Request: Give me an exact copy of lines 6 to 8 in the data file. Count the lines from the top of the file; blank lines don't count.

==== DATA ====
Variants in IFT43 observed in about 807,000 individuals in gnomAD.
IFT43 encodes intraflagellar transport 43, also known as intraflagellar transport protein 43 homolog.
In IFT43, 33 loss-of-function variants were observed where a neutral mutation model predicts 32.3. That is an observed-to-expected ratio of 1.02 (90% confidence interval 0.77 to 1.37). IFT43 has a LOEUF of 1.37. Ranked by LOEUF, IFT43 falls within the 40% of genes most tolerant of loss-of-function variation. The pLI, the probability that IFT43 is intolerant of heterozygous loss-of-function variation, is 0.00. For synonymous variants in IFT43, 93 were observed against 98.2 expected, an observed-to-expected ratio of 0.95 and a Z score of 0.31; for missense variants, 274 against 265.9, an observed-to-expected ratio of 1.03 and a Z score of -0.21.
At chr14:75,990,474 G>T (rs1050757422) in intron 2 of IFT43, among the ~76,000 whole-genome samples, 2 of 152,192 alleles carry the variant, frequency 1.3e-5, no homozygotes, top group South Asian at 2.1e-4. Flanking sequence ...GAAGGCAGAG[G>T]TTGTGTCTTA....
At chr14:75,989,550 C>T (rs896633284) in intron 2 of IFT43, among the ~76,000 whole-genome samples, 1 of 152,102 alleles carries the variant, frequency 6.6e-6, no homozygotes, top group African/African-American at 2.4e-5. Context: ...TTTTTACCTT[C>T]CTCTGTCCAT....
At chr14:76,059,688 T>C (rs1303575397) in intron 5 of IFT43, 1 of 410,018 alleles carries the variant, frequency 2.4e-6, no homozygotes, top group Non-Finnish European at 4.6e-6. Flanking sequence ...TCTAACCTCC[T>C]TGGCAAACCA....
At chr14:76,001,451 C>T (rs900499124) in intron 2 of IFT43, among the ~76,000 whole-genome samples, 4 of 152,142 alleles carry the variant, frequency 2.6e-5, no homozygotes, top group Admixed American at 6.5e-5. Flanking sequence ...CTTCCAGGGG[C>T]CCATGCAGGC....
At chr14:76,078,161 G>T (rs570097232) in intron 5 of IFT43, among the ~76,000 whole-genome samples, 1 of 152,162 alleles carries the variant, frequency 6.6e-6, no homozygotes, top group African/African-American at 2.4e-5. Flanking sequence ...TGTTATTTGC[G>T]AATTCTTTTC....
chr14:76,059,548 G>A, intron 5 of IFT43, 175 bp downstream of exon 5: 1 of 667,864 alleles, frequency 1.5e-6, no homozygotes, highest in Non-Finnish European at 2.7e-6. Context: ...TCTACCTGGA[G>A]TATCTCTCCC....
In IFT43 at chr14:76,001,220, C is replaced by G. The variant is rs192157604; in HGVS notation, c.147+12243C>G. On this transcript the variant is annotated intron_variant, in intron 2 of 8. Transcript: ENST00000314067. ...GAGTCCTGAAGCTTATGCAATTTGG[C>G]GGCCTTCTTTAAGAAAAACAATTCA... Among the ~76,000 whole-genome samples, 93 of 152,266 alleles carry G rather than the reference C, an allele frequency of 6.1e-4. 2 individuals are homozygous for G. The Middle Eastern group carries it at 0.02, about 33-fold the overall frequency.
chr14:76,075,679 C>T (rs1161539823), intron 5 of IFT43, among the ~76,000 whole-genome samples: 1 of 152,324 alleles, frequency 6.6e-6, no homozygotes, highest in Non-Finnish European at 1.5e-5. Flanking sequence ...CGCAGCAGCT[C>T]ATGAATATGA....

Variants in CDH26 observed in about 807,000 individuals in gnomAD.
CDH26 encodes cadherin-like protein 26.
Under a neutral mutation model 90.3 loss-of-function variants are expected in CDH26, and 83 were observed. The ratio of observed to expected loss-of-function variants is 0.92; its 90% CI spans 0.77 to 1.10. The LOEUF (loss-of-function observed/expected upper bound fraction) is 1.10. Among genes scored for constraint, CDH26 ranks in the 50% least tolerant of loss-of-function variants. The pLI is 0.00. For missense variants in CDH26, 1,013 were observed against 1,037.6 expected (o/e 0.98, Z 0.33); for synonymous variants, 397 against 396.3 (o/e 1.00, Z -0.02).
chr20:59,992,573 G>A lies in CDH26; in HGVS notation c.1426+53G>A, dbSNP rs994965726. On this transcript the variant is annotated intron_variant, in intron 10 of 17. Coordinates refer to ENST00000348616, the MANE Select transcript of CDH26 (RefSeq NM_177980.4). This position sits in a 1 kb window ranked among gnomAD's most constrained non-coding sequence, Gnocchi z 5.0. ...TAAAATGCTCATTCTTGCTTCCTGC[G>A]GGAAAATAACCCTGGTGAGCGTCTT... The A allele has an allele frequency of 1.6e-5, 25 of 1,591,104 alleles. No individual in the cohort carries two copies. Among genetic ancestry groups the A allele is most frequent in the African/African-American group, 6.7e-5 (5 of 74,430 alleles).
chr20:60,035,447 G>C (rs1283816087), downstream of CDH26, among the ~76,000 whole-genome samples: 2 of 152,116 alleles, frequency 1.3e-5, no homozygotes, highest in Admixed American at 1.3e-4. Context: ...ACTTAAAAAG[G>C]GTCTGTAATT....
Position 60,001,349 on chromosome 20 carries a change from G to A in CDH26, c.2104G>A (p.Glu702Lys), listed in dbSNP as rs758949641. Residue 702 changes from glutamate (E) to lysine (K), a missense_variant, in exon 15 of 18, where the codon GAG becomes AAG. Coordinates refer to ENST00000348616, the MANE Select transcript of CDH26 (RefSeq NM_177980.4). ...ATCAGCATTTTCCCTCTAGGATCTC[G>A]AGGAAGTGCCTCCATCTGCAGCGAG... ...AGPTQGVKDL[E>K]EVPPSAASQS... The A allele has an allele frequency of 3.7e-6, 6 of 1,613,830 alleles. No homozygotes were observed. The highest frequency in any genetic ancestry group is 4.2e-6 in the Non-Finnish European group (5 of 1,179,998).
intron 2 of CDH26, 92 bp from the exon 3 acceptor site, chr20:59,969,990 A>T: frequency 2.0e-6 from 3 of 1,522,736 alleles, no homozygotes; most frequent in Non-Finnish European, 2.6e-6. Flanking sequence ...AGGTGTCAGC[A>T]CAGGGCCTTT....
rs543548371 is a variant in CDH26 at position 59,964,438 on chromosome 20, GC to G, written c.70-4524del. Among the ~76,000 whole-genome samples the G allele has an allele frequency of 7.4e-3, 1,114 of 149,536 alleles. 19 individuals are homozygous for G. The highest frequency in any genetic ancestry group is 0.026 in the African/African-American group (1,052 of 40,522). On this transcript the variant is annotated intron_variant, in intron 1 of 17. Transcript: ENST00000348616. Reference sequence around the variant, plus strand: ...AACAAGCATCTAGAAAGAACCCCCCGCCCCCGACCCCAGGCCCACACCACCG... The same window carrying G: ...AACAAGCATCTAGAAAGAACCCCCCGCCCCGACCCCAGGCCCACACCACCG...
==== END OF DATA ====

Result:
At chr14:76,059,688 T>C (rs1303575397) in intron 5 of IFT43, 1 of 410,018 alleles carries the variant, frequency 2.4e-6, no homozygotes, top group Non-Finnish European at 4.6e-6. Flanking sequence ...TCTAACCTCC[T>C]TGGCAAACCA....
At chr14:76,001,451 C>T (rs900499124) in intron 2 of IFT43, among the ~76,000 whole-genome samples, 4 of 152,142 alleles carry the variant, frequency 2.6e-5, no homozygotes, top group Admixed American at 6.5e-5. Flanking sequence ...CTTCCAGGGG[C>T]CCATGCAGGC....
At chr14:76,078,161 G>T (rs570097232) in intron 5 of IFT43, among the ~76,000 whole-genome samples, 1 of 152,162 alleles carries the variant, frequency 6.6e-6, no homozygotes, top group African/African-American at 2.4e-5. Flanking sequence ...TGTTATTTGC[G>T]AATTCTTTTC....